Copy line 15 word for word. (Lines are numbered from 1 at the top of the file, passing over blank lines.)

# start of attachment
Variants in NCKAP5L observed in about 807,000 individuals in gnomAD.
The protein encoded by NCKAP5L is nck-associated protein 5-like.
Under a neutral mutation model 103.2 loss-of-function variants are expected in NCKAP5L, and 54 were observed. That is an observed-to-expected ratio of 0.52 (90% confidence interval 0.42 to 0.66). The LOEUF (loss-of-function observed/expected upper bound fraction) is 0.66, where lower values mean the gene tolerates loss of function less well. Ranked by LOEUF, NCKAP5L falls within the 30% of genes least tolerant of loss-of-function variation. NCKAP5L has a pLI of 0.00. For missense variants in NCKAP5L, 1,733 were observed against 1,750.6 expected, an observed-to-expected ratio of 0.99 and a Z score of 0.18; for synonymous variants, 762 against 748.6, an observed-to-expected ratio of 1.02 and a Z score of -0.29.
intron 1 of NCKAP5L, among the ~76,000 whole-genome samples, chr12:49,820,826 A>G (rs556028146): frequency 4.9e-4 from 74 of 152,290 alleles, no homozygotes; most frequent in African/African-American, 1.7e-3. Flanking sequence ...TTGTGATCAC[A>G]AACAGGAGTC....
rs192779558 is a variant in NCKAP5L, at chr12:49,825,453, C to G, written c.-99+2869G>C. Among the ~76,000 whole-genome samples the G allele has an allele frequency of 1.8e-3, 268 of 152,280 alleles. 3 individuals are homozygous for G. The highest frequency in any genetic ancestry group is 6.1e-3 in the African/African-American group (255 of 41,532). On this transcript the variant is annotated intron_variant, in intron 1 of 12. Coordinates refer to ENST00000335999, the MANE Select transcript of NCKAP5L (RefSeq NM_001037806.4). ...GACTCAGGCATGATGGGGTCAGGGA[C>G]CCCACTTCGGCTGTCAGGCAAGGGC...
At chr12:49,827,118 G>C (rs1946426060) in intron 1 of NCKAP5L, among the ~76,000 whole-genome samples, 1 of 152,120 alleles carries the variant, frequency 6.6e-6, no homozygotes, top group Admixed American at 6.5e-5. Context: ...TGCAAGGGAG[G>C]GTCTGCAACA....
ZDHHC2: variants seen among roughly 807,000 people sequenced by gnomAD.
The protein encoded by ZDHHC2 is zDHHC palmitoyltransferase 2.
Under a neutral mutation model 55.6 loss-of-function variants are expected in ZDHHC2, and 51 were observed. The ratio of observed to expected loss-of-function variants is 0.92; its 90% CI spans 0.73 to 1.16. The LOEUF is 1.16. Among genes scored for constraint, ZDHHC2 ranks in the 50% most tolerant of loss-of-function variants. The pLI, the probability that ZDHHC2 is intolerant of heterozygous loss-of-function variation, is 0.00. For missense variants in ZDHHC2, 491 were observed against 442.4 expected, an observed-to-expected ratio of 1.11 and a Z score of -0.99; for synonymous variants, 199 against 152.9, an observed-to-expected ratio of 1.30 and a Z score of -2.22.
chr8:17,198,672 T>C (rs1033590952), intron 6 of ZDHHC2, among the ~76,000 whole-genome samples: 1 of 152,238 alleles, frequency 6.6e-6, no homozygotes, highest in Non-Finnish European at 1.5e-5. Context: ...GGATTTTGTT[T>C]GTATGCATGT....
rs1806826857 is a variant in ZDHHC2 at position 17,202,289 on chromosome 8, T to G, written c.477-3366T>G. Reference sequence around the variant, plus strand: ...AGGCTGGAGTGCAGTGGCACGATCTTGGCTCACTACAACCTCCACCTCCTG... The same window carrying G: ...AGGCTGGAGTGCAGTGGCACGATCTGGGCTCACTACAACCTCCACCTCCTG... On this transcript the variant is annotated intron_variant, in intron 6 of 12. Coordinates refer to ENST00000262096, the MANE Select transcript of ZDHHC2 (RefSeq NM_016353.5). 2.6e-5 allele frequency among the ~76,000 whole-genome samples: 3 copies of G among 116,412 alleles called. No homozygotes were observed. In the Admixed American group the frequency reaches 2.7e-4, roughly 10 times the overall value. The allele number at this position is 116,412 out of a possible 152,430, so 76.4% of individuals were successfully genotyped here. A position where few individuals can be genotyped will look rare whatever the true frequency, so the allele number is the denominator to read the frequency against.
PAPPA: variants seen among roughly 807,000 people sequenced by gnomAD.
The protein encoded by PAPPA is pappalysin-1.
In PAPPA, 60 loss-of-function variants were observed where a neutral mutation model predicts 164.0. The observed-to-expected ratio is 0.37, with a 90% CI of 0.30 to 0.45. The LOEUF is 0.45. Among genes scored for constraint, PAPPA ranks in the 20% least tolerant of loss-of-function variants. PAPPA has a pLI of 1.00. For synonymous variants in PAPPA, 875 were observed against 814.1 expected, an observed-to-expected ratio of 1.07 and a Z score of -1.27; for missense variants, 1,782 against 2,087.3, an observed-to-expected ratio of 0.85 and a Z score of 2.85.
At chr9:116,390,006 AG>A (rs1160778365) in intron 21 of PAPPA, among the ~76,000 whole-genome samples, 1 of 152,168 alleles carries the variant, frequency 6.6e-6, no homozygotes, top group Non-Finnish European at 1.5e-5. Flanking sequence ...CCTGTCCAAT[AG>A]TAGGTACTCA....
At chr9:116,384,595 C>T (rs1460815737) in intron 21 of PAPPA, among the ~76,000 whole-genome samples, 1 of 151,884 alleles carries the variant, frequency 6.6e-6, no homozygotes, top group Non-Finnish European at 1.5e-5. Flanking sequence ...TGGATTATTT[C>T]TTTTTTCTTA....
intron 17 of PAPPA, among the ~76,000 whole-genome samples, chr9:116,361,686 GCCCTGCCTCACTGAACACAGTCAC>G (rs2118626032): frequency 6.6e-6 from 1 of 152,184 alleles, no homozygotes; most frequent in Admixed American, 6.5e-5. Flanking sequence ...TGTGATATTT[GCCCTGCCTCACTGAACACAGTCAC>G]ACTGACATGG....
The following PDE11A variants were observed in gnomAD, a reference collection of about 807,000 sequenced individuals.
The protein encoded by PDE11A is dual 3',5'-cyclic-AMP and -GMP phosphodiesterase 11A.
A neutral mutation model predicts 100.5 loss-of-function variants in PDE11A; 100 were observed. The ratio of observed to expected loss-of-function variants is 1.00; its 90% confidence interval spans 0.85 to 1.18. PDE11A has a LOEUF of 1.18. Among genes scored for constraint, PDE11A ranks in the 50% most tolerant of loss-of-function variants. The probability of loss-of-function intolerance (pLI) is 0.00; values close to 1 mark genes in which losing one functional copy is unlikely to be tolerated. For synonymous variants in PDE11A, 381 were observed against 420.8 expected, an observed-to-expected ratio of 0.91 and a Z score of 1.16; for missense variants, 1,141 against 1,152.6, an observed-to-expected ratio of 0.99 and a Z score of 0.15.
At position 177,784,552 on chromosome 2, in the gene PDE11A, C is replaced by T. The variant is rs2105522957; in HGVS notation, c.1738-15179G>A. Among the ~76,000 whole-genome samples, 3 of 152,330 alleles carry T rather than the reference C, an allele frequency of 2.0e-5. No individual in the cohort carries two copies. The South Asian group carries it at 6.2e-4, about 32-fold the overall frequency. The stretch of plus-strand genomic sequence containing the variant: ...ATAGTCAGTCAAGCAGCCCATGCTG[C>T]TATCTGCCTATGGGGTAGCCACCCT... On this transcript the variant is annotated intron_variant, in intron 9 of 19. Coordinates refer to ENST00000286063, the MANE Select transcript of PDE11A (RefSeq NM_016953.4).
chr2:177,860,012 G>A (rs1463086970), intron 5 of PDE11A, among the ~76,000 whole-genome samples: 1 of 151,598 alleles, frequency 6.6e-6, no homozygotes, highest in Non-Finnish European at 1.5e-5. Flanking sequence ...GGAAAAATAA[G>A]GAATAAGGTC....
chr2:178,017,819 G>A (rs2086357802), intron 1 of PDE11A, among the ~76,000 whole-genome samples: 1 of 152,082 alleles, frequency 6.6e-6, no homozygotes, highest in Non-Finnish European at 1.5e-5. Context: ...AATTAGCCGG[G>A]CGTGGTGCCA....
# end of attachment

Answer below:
At chr9:116,390,006 AG>A (rs1160778365) in intron 21 of PAPPA, among the ~76,000 whole-genome samples, 1 of 152,168 alleles carries the variant, frequency 6.6e-6, no homozygotes, top group Non-Finnish European at 1.5e-5. Flanking sequence ...CCTGTCCAAT[AG>A]TAGGTACTCA....